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William Brixius, Jessica Green; Modality independent recruitment in the occipital lobe: A meta-analysis of early-blind and sighted fMRI and PET studies. . Journal of Vision 2016;16(12):139. https://doi.org/10.1167/16.12.139.
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Occipital cortex is classically considered vision-specific, with the exception that visual loss results in recruitment for non-visual tasks. However, crossmodal and multisensory processing research suggests that occipital activity is modulated by non-visual inputs, particularly when vision is degraded or temporarily limited. One possibility is that occipital regions receive inputs from multiple sensory modalities (vision, audition, touch), with vision the most informative for tasks recruiting occipital areas, therefore dominating occipital processing. Thus, when visual input is removed, non-visual occipital responses can be "unmasked". To investigate occipital recruitment by non-visual stimuli, we conducted activation likelihood estimation meta-analyses on fMRI and PET studies reporting early-blind and sighted participant neural activations for auditory and tactile tasks. Analysis of early-blind>sighted contrasts revealed an early-blind activation network comprising bilateral cuneus, lingual and inferior occipital gyri, and right-lateralized middle occipital and inferior temporal gyri. These results support the notion that similar occipital areas are recruited in the early-blind for non-visual spatial information as those recruited in sighted participants during visual tasks. In a second analysis, we examined auditory and haptic task>rest and task>task coordinates reported for early-blind participants and sighted participants with temporarily restricted vision. The conjunction of early-blind and sighted participant activity revealed common activation in bilateral cuneus and inferior parietal lobule, right lingual, postcentral, and superior/inferior temporal gyri, and left insula, middle temporal, and medial frontal gyri. The consistent inclusion of lingual gyrus and cuneus across modalities suggests that auditory and somatosensory modalities can recruit occipital cortex for non-visual processing, even in sighted individuals. The similarity of the recruited areas in sighted individuals and those whose vision was lost early in life further suggests that occipital cortex may be organized for specific functions (e.g., spatial localization, object identification, motion processing) in all modalities, but that these tasks are most easily accomplished using visual input.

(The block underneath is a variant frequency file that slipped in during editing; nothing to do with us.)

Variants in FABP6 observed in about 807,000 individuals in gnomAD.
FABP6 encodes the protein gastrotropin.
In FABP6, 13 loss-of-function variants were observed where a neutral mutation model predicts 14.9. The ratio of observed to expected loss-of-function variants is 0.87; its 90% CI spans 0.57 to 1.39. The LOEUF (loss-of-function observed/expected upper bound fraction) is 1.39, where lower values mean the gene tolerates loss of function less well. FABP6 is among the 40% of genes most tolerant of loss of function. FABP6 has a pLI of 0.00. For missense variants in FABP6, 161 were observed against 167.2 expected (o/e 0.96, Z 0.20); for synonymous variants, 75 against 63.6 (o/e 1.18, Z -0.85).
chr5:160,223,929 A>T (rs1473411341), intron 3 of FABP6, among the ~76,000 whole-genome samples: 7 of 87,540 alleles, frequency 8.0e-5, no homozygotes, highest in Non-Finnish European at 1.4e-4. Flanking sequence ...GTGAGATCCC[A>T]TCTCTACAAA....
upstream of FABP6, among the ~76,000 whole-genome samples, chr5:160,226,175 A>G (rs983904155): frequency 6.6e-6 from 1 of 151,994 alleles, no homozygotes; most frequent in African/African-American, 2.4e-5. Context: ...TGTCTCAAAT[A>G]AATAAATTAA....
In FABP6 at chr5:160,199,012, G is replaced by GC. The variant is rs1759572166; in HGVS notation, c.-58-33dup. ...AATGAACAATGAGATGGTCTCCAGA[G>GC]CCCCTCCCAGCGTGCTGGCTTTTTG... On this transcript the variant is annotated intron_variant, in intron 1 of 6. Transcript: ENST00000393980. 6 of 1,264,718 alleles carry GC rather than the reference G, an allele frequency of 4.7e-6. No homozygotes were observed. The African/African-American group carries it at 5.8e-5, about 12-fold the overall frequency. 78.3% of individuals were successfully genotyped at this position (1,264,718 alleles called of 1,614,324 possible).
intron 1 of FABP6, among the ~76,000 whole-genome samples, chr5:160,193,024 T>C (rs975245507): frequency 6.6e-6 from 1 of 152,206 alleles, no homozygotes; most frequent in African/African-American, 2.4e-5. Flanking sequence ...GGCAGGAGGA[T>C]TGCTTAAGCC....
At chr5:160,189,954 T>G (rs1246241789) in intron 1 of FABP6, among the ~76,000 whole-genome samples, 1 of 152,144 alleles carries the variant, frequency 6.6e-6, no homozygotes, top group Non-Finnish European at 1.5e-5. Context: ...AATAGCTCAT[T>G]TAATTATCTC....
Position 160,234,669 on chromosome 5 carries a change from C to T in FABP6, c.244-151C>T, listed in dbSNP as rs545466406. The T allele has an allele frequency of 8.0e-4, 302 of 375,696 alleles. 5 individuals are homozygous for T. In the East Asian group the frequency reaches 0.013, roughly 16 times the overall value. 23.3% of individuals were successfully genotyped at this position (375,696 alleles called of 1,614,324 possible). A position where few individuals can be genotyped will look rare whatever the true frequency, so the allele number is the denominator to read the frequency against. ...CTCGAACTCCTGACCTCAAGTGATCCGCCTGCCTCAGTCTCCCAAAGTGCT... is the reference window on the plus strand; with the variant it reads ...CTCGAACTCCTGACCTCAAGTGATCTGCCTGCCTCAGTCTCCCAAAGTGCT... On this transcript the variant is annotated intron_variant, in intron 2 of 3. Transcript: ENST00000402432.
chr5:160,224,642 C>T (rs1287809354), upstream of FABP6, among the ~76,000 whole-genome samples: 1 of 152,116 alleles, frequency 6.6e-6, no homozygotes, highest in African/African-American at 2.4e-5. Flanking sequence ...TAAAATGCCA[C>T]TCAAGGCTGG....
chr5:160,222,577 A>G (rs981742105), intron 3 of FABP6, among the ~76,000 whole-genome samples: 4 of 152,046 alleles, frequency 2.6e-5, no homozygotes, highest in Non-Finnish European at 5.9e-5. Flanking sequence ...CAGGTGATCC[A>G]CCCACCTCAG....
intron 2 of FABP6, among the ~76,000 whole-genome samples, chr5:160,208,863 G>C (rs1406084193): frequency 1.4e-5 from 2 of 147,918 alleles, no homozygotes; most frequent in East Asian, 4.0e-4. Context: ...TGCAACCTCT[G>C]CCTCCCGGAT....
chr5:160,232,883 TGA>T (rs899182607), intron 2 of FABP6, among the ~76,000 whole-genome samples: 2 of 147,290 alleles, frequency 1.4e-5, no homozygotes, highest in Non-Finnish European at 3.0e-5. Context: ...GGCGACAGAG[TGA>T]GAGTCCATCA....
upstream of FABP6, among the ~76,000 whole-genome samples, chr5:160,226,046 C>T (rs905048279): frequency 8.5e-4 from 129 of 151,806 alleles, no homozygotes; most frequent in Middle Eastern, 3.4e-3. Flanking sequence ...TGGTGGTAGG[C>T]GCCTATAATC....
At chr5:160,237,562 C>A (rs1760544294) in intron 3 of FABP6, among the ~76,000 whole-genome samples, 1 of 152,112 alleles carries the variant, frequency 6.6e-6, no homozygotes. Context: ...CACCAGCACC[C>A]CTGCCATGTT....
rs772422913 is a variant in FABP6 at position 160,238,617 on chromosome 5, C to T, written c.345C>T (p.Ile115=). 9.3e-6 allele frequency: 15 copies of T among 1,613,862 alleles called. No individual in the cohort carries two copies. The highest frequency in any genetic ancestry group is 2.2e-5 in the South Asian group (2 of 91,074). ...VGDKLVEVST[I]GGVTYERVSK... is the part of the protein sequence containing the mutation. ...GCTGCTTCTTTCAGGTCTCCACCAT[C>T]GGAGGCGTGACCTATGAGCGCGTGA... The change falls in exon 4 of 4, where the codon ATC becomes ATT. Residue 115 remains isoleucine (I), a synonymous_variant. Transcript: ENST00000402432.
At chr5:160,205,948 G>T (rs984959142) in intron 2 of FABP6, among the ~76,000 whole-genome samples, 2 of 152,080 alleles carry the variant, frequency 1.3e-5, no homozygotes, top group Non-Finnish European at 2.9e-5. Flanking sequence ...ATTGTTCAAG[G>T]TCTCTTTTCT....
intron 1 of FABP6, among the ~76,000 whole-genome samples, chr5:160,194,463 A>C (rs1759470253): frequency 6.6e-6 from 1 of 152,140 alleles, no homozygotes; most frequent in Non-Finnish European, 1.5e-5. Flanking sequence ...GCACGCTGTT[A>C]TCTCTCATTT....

Meeting abstract presented at VSS 2016
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